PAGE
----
Perception Data (Surveys or assessments used): Pre/Post Survey Comparisons Pre-survey was given to students prior to the start of the interventions (end of Q1) and the post-survey was given to students at the end of the semester when interventions were completed and grades were finalized. Results on a 4 point likert scale (4-highest, 1-lowest) Q1: I can keep track of my daily assignments from school: Pretest Average: 2.8 Posttest Average: 2.93 increase of .13 average Q2: I can complete my daily homework assignments from school: Pretest Average: 2.93 Posttest Average: 2.93 increase of 0.0 average* *This question had no increase and we were unsure why this happened. It is possible that the lack of change was a result of how the question was written or because the students felt that they could complete their homework, but chose not to. Q3: I understand how to manage my free time in order to complete my school work: Pretest Average: 2.7 Posttest Average: 3.12 increase of .42 average Q4: I understand the connection between completing my course work (homework, labs, assessments) and how that impacts my final grade: Pretest Average: 3.13 Posttest Average: 3.65 increase of .52 average Q5: I believe coming to school every day will lead to more success in high school and beyond: Pretest Average: 3.57 Posttest Average: 3.70 increase of .13 average Q6: I believe how much time I spend studying for my assessments will affect my grade: Pretest Average: 3.3 Posttest Average: 3.4 increase of .01 average* *This question had minimal increase, and we think this was a result of not spending a lot of time with students helping them understand how their study habits correlate to academic success.

Outcome Data (Achievement, attendance, and/or behavior data): During 1st semester of the 2017-18 school year, of the 30 targeted students failing Biology at the end of quarter 1, 26 (86%) passed Biology for semester 1. Of the 4 remaining, 2 failed Biology at our school and 2 transferred out and we have no data on their course completion. For the 2017-2018 school year, we had 2/425 students (0.5%) fail Biology for semester 1. Compared to the previous year, during 1st semester of the 2016-17 school year we had 35/400 students (9%) fail Biology during semester 1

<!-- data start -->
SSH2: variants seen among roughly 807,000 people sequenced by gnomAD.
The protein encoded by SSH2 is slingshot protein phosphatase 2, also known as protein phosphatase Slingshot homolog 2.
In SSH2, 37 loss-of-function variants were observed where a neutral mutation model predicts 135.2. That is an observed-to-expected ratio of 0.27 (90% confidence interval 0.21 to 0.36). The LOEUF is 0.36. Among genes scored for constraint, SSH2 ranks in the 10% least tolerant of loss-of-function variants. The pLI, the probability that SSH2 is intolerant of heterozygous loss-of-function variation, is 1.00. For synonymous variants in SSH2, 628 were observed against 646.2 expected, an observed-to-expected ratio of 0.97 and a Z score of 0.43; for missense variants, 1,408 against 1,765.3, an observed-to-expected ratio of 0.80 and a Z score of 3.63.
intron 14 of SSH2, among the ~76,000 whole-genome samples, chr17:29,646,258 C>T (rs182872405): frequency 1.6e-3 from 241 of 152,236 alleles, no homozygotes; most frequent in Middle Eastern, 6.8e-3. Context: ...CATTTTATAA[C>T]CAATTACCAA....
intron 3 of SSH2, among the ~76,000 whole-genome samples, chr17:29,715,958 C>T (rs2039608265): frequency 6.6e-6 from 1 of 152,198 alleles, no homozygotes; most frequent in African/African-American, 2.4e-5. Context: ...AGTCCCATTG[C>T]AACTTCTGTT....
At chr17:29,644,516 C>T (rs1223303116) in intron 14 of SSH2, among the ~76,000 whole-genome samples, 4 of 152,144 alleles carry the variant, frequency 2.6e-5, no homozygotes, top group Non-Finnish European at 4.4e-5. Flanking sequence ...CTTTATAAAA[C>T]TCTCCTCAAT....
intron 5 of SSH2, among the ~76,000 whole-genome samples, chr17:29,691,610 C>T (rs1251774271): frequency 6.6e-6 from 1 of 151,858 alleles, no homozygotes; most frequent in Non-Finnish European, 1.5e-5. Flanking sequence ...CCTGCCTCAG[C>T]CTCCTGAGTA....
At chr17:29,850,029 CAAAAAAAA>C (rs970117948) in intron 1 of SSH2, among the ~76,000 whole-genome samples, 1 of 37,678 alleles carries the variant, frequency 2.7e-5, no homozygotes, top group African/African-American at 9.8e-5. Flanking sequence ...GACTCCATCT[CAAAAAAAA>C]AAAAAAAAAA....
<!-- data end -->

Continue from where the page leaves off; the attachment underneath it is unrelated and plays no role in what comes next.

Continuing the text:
Implications: The primary focus of intervention/activity #1 was to create an action plan developed by the student to identify how they can build confidence, effectively use their time management skills, and overcome obstacles in their lives. Since the interventions had an impact on student outcomes, it shows that they were appropriate for the students we identified. The questions we asked for the pre-survey were directly related to the Mindsets and Behaviors, and because we surveyed the students and teachers about why they thought the failure was taking place, we had broad data to support our programming. Next year we plan to address executive functioning skills with our entire freshman class earlier in the semester in hopes of lowering the number of quarter 1 failures, while still implementing the same interventions for any students failing Biology at the end of the 1st quarter. The focus of intervention/activity #2 was to connect a student’s home life with school. We looked at raising student self-confidence as well as balancing school/work activities. Including parents so there was a consistent message and expectation was important. While students were reluctant to include their parents, the majority were glad we did so; however, we did not collect formal data on this, but just informal conversations throughout the process. In the future, we will always include parent contact and inclusion in any intervention that targets academic achievement. The focus of intervention/activity #3 was to directly address curricular knowledge gaps that the students had by providing re-teaching of skills and content. We focused on build self confidence, a positive attitude towards learning and help students overcome barriers to their learning. We did not collect data on the students’ perceptions of the impact of this specific intervention, though since 86% of the students passed, we believe this was an appropriate intervention. Next year, we would survey the students on how impactful each intervention was to their success to help determine if we should focus more time on one of the other. The focus of intervention/activity #4 was to help students with the executive functioning skills, since the majority of students identified that this was a major reason they were failing. We did not collect data on the students’ perceptions of the impact of this specific intervention, though since 86% of the students passed, we believe this was an appropriate intervention. Next year, we would survey the students on how impactful each intervention was to their success to help determine if we should focus more time on one of the other.